Visconti Homo Sapiens Elegance: A Review

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(Susan M. Pigott is a fountain pen collector, pen and paperholic, photographer, and professor. You can find more from Susan on her blog Scribalishess.)

The Visconti Homo Sapiens Elegance is an over-sized pen made of black resin with silver trim. It is meant as a less-expensive option for those who like the Visconti Homo Sapiens style. Thus, the pen is made of resin instead of lava or special acriloid and it utilizes a screw-in converter rather than Visconti’s high-capacity power filler.

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The Homo Sapiens Elegance comes in a standard Visconti clamshell box with cream interior.


The pen is trimmed with shiny silver rings on the cap and barrel, a silver Visconti finial, and Visconti’s signature arched clip.


However, the large ring on the barrel sports a matte look with “Homo Sapiens” engraved in shiny silver.

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The cap uses Visconti’s hook safe lock system which makes it easy to get on and off and makes the cap secure.

Over-sized means that this is an extra large pen, measuring 145mm capped, 170mm posted, and 132mm unposted. At 43 grams, the Elegance is just as heavy as the Homo Sapiens Bronze Age which surprised me considering that one pen is made of lava and the other of resin.

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The converter is a nice screw-in model with metal trim. It holds 1.03 ml of ink and is much easier to clean than the power filler pens.

My loaner pen came with the 1.3mm 23k Palladium stub nib. It’s a beautiful nib with Visconti’s classic scroll work.

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Unfortunately, this nib is not a smooth writer. There’s a small sweet spot, but even when you’ve got the pen positioned correctly, you can hear it scratch the paper as you write (and not in a pleasant way). I found myself having to hold the pen at an awkward angle in order to maintain some semblance of consistent writing.


My experience with Visconti nibs is not positive. Out of all the Viscontis I’ve owned (and I’ve owned at least eight), only two wrote well out of the box. My Homo Sapiens Bronze Age with a 1.3mm stub had to go to two different nibmeisters before it started writing reasonably well.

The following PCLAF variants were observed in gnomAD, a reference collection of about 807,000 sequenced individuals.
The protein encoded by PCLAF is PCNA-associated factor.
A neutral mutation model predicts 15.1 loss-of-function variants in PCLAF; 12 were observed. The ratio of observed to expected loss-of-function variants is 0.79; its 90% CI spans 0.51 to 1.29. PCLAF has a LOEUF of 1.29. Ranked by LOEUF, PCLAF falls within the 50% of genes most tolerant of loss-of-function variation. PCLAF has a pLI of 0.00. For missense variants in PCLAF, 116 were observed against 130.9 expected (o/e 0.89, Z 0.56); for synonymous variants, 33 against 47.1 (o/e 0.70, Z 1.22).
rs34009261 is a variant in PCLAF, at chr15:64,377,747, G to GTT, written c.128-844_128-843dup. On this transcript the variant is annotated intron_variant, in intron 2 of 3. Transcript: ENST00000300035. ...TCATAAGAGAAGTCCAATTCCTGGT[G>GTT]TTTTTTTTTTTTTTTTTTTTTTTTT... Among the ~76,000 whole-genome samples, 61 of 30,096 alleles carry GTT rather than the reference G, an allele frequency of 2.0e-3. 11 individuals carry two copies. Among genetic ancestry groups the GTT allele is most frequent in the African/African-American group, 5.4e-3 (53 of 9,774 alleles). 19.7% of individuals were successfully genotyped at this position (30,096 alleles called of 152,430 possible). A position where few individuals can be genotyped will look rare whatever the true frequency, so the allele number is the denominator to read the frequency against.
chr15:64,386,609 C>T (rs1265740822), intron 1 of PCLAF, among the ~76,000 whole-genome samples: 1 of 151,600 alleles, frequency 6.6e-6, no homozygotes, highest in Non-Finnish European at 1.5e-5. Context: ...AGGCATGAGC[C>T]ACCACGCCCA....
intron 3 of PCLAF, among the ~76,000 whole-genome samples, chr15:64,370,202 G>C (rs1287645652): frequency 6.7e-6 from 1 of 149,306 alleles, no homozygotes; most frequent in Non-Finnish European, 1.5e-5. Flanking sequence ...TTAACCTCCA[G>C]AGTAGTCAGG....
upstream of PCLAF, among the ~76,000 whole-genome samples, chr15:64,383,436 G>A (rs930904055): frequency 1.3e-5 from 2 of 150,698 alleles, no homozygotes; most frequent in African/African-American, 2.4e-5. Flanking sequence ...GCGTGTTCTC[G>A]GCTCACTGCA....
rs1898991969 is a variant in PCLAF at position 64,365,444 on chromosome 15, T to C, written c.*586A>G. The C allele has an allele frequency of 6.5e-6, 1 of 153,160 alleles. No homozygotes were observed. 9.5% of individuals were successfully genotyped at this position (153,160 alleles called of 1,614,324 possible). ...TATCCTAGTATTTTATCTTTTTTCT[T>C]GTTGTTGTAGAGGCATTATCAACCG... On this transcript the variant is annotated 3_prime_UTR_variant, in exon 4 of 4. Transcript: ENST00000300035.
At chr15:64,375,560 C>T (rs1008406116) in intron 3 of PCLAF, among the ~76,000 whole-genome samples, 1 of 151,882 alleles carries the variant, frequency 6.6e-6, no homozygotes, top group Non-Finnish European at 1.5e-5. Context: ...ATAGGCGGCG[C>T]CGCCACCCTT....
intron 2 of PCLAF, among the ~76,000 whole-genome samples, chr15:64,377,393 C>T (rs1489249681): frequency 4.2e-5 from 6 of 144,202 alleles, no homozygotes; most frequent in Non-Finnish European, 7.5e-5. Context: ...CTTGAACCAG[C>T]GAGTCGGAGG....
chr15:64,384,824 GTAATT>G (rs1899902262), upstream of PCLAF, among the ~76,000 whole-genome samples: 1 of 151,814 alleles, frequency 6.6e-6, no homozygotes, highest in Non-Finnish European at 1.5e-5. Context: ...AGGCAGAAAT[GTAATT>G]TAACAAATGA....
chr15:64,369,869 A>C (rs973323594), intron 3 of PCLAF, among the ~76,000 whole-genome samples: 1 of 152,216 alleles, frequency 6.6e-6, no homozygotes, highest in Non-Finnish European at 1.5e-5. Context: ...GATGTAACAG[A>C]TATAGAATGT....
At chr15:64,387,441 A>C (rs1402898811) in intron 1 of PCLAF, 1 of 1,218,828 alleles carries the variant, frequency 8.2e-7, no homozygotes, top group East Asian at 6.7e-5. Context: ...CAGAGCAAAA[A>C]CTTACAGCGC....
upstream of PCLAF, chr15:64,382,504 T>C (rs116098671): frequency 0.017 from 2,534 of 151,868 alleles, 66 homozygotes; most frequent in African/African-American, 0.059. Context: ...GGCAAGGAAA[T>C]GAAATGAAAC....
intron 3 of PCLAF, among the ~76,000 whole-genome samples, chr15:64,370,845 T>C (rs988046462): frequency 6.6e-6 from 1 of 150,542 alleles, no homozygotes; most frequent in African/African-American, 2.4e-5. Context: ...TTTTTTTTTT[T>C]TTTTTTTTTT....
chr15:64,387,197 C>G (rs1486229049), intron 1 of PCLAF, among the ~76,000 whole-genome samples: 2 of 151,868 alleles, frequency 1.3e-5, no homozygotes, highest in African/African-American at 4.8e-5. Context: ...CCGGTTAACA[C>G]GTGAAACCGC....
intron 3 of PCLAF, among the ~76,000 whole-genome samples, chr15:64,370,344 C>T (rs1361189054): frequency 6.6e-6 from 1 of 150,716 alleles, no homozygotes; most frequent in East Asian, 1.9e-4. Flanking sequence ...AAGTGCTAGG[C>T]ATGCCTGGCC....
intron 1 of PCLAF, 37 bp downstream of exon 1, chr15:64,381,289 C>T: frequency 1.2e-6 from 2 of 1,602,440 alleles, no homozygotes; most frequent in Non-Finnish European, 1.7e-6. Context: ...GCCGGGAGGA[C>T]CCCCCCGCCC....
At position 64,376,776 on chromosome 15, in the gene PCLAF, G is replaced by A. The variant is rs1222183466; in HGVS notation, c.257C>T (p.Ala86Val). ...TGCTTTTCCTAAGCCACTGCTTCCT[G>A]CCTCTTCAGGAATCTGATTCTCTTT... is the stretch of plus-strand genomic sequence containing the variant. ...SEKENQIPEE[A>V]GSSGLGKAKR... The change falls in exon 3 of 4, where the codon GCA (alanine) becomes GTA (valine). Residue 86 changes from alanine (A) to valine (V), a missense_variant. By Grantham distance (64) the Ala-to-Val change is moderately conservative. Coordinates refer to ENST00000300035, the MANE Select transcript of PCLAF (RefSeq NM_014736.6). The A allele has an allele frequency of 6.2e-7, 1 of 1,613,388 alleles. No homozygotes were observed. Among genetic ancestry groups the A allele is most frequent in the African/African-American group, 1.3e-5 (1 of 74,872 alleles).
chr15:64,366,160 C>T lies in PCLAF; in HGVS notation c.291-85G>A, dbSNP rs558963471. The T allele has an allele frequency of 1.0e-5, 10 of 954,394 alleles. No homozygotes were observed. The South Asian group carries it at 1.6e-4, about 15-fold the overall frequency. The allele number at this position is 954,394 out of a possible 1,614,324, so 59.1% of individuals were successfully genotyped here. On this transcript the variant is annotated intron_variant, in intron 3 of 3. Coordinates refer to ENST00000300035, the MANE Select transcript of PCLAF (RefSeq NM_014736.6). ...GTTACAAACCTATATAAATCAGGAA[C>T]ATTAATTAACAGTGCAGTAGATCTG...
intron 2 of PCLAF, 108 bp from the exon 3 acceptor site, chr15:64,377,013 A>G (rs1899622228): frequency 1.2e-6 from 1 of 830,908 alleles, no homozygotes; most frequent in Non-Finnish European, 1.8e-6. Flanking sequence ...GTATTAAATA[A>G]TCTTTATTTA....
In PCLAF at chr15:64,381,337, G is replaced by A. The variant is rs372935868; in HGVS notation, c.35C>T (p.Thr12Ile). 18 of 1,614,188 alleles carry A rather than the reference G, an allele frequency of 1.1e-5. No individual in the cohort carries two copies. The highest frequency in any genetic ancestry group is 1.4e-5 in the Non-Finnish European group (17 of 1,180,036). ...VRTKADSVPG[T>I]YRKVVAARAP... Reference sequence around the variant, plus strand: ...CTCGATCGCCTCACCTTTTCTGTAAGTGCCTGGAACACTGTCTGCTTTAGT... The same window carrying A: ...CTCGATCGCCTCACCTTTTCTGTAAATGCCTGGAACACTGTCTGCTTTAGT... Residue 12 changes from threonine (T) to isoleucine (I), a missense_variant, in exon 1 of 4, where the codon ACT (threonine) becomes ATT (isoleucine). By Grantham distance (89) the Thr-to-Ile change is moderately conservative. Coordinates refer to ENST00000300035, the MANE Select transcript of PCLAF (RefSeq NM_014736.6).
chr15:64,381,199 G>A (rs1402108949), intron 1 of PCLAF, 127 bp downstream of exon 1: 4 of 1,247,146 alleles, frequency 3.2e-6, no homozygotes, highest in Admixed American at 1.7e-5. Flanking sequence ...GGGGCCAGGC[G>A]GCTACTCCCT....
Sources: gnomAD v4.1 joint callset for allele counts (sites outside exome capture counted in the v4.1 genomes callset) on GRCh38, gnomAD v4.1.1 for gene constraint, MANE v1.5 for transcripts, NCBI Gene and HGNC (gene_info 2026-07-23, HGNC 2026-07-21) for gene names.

The nib on this pen is inconsistent and skips often. As I wrote with it over the past three weeks, I had hard starts that required pushing ink into the nib using the converter. For my handwritten review, I refilled the converter and started fresh. Even with that, I experienced lots of skipping and rough writing.


Although I like the resin version of the Visconti Homo Sapiens Elegance, I think it is still priced too high at $595.00 retail. And, at this price you should get a perfect nib right out of the box. Honestly, if you want a Visconti, I’d suggest saving up for a Bronze Age (which is $200 more) or one of the more colorful versions. And I would make sure that your retailer tests the nib before shipping it to you.

Left to right: Visconti London Fog, Homo Sapiens Bronze Age, Homo Sapiens Elegance, and Divina Elegance

Left to right: Visconti London Fog, Homo Sapiens Bronze Age, Homo Sapiens Elegance, and Divina Elegance

You can purchase the Visconti Homo Sapiens Elegance from Goldspot Pens. Their retail price is $595, but if you log in and add the pen to your cart you’ll see a significantly reduced price.


  • The Visconti Homo Sapiens Elegance is a nice alternative for anyone who finds the Homo Sapiens Bronze Age to be too expensive at $795 retail.
  • The Elegance uses a cartridge/converter filling system that is much easier to use and clean than the power filler system used by more expensive Visconti models. Even though the power-fillers hold more ink, I like the convenience of a converter filling system.
  • Visconti offers their premium 23k Palladium nib with this pen.


  • Although the Homo Sapiens Elegance is $200 less than the Bronze Age, it is still an expensive pen.
  • The nib on my loaner pen was finicky and an unpleasant, scratchy writer. Unfortunately, this is typical of my experiences with Visconti nibs, and I always think very hard before purchasing this brand because of it. I recommend asking your retailer to check your nib before shipping.

(Goldspot provided this product at no charge to The Pen Addict for review purposes.)

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Posted on January 5, 2018 and filed under Visconti, Fountain Pens, Pen Reviews.